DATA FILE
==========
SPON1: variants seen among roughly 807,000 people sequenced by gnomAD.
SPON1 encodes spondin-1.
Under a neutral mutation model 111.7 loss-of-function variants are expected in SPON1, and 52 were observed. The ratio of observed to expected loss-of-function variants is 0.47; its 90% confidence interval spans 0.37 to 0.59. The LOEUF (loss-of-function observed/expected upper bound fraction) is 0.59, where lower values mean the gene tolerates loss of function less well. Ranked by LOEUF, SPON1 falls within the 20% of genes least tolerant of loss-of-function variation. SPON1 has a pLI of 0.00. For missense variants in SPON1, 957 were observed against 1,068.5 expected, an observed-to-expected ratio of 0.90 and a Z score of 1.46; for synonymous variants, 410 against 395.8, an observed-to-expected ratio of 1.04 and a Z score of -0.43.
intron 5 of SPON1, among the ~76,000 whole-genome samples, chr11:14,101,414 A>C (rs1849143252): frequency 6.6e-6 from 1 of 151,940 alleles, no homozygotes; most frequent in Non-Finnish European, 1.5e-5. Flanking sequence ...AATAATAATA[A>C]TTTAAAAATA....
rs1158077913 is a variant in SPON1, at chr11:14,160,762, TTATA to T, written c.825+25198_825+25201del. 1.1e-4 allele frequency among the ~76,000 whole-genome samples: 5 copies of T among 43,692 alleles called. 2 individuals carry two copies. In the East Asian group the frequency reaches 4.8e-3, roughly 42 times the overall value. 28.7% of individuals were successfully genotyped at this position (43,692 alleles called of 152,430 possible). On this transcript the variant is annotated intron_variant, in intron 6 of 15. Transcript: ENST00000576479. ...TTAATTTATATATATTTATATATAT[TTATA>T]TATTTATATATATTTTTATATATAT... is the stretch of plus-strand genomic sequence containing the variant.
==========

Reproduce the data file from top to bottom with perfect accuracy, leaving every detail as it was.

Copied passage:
SPON1: variants seen among roughly 807,000 people sequenced by gnomAD.
SPON1 encodes spondin-1.
Under a neutral mutation model 111.7 loss-of-function variants are expected in SPON1, and 52 were observed. The ratio of observed to expected loss-of-function variants is 0.47; its 90% confidence interval spans 0.37 to 0.59. The LOEUF (loss-of-function observed/expected upper bound fraction) is 0.59, where lower values mean the gene tolerates loss of function less well. Ranked by LOEUF, SPON1 falls within the 20% of genes least tolerant of loss-of-function variation. SPON1 has a pLI of 0.00. For missense variants in SPON1, 957 were observed against 1,068.5 expected, an observed-to-expected ratio of 0.90 and a Z score of 1.46; for synonymous variants, 410 against 395.8, an observed-to-expected ratio of 1.04 and a Z score of -0.43.
intron 5 of SPON1, among the ~76,000 whole-genome samples, chr11:14,101,414 A>C (rs1849143252): frequency 6.6e-6 from 1 of 151,940 alleles, no homozygotes; most frequent in Non-Finnish European, 1.5e-5. Flanking sequence ...AATAATAATA[A>C]TTTAAAAATA....
rs1158077913 is a variant in SPON1, at chr11:14,160,762, TTATA to T, written c.825+25198_825+25201del. 1.1e-4 allele frequency among the ~76,000 whole-genome samples: 5 copies of T among 43,692 alleles called. 2 individuals carry two copies. In the East Asian group the frequency reaches 4.8e-3, roughly 42 times the overall value. 28.7% of individuals were successfully genotyped at this position (43,692 alleles called of 152,430 possible). On this transcript the variant is annotated intron_variant, in intron 6 of 15. Transcript: ENST00000576479. ...TTAATTTATATATATTTATATATAT[TTATA>T]TATTTATATATATTTTTATATATAT... is the stretch of plus-strand genomic sequence containing the variant.